His sentiments were echoed by Rep. Alissa Keny-Guyer, D-Portland, who opposed the measure after supporting it in committee. Instead, she favors establishing a task force to study the issue, which Rep. Jason Conger, R-Bend, has called for.

“It’s not always equal work,” Keny-Guyer said, noting the greater knowledge and experience doctors often bring to the office. She said nurse practitioners and physician assistants are more likely to need assistance from other providers. She said a task force would determine what’s fair and how to increase access at all levels, which she conceded was a real need, making the vote a hard one for her.

Greenlick said he would call for a work group to study those issues and come back to the Legislature with recommendations during the 2014 or 2015 session, but Conger insisted the task force be created, while, at the same time, pay equity be limited to two years.

“I wanted something that was drop-dead and motivated people to get things done,” Conger told The Lund Report after the vote. “My amendment would have mandated the higher rate, but it would have been for just two years, and it would have required a task force to look at broader [access] issues.”

Greenlick avoided writing the task force into the legislation because he was worried about the bill dying in the Joint Committee on Ways & Means because of its fiscal impact.

Dr. Bud Pierce told The Lund Report that while a physician assistant like Edwin Weih in Oakridge needs to be fairly compensated to run his clinic, there were skills, liability and experience that doctors have that nurse practitioners and physician assistants don’t, which should be acknowledged.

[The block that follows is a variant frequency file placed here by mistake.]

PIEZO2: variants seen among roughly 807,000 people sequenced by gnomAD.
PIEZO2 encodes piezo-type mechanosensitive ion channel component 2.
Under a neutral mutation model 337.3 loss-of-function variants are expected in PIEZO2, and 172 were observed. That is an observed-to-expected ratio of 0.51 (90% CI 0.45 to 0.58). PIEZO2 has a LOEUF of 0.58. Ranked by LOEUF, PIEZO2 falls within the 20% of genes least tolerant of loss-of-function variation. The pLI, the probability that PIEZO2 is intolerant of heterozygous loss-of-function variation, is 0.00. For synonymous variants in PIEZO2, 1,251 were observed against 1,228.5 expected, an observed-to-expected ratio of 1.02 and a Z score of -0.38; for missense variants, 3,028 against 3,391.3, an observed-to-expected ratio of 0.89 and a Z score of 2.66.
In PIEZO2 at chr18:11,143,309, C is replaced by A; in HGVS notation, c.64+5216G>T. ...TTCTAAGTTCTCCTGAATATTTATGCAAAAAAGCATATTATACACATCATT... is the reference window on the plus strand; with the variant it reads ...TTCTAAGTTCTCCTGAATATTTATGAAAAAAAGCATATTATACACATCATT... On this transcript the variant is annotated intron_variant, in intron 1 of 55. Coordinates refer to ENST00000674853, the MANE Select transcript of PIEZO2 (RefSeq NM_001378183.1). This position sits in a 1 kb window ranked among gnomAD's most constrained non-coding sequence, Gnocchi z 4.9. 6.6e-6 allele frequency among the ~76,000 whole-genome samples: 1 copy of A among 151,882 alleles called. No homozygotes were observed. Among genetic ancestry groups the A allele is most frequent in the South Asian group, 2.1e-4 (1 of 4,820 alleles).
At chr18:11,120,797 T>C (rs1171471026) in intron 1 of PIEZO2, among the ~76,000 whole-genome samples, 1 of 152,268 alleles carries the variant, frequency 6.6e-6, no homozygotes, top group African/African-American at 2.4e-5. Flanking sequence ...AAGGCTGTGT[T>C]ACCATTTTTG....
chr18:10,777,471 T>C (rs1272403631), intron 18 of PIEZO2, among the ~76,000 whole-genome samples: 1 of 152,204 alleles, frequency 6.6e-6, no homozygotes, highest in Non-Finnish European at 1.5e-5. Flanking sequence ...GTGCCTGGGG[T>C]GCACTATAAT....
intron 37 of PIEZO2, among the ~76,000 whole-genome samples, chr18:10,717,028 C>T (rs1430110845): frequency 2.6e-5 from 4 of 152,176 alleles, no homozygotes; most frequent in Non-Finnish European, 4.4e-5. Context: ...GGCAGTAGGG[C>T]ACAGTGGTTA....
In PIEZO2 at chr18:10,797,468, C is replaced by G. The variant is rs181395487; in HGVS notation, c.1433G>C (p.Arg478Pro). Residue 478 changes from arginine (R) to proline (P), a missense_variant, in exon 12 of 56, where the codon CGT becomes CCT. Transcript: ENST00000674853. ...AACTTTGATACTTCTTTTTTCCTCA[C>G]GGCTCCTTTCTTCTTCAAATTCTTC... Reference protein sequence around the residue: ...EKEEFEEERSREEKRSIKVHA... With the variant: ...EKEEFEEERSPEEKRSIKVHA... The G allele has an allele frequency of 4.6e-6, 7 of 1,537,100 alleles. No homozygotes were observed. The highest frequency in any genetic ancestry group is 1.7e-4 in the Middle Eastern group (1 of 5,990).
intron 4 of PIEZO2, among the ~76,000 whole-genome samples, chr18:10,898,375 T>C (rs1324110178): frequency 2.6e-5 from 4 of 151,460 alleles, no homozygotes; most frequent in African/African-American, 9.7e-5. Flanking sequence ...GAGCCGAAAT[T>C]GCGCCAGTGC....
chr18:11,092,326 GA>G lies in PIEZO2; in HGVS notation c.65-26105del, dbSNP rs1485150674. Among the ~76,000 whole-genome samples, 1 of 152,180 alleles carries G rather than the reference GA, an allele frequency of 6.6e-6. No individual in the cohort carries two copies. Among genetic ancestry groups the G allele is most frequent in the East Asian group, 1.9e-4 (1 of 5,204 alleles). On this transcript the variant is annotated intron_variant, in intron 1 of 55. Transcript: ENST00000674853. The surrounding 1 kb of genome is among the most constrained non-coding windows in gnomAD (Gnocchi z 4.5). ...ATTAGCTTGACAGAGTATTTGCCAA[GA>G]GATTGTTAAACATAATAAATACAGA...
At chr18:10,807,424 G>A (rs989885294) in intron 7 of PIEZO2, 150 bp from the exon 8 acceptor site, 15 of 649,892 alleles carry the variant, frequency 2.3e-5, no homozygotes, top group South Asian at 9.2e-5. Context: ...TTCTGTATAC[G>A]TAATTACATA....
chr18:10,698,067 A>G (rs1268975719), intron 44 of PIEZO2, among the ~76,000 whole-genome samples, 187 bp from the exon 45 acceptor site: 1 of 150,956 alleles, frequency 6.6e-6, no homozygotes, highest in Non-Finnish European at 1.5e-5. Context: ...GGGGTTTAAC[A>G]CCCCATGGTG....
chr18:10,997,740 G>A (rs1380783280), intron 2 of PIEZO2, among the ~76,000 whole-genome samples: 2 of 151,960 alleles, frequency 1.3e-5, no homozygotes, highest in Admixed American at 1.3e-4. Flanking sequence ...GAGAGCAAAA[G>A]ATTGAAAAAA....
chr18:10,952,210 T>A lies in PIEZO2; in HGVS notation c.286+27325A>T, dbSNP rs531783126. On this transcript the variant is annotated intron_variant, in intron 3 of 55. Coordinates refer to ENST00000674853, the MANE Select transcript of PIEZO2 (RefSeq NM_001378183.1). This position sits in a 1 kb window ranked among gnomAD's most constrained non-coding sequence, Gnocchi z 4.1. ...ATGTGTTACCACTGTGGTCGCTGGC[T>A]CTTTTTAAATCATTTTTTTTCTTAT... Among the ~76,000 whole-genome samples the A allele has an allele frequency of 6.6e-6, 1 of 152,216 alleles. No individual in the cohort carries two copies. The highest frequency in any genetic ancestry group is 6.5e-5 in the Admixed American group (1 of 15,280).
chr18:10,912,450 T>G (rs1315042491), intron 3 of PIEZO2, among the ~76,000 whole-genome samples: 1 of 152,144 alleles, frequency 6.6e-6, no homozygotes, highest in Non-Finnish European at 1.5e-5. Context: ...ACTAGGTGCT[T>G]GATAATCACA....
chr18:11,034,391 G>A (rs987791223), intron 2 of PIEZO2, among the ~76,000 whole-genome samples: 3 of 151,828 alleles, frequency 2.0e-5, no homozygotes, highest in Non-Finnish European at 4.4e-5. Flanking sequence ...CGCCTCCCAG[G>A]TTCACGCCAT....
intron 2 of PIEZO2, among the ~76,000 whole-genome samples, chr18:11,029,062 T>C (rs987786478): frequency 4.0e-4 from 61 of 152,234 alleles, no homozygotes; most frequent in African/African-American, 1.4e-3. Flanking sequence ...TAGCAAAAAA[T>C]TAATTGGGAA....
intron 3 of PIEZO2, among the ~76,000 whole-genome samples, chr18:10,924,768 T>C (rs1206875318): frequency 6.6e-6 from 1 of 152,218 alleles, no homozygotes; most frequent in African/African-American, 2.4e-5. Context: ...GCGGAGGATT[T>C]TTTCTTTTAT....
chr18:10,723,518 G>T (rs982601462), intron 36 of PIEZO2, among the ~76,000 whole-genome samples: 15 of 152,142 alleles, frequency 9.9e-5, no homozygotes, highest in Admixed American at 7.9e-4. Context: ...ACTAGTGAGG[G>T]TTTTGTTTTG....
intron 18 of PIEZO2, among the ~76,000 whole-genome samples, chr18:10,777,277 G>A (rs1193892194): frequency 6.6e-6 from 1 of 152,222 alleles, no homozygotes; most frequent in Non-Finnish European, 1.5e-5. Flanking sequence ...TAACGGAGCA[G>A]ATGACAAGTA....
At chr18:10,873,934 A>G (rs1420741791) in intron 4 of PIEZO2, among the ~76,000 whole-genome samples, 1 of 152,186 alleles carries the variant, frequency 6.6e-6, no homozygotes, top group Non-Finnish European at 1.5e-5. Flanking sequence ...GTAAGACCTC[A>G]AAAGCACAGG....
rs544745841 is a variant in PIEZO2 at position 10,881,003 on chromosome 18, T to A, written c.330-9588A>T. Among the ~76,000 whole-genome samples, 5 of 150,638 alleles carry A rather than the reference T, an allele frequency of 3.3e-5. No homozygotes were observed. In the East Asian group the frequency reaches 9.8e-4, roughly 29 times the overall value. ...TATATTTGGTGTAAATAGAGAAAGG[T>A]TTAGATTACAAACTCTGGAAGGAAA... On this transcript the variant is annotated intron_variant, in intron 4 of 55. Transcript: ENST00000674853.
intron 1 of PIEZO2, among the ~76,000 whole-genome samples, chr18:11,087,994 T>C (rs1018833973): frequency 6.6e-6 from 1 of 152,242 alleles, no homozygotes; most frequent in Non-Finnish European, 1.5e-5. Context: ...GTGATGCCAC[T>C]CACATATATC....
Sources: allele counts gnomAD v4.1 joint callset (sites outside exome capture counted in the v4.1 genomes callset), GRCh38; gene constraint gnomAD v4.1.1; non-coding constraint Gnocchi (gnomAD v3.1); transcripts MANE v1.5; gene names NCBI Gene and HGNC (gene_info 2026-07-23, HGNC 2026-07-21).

Pierce, the president of the Oregon Medical Association, editorialized against pay equity for nurse practitioners and physician assistants in the Salem Statesman-Journal on Sunday.

“We’re hoping that a very good compromise can be made when it comes to the Senate,” he said.

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Comments

Rather than viewing this policy as a threat to physicians, we would do better to view it as a support to primary care practices (including many owned by physicians) who build team-based care including PAs and NPs on their staff. Even in many "urban" areas there are not nearly enough of such practices that make the best of medical homes for their patients. In those environments, the sophisticated support available from residency-trained, board-certified primary care physicians in the same office is part of what you get as a patient. In more rural areas that support comes by phone or referral. That takes time for the PA or NP that some who've never worked with one in that setting (I have) can't fully grasp. The pay is still modest when all is taken into account, for most such rural providers of care. In sum, pinching the reimbursement for these care providers, while we pretend we are building the care system of the future, is bad policy.

While it may seem simple to say "equal pay for equal services" over the long term this will start to decrease the implied monetary value added by non-MD clinicians.Not the value of their care, but the care given for the cost rendered. Part of lowering health care costs should be keeping patients with providers that cost less than physicians, and a strategy to increase the supply of non-MD care professional should have in the formula at least, that the cost is less. This will drive PA And NP salaries up as well, and while again, maybe good on the surface will fundamentally change decisions regarding to building a clinic staff. It may have some unanticipated consequences.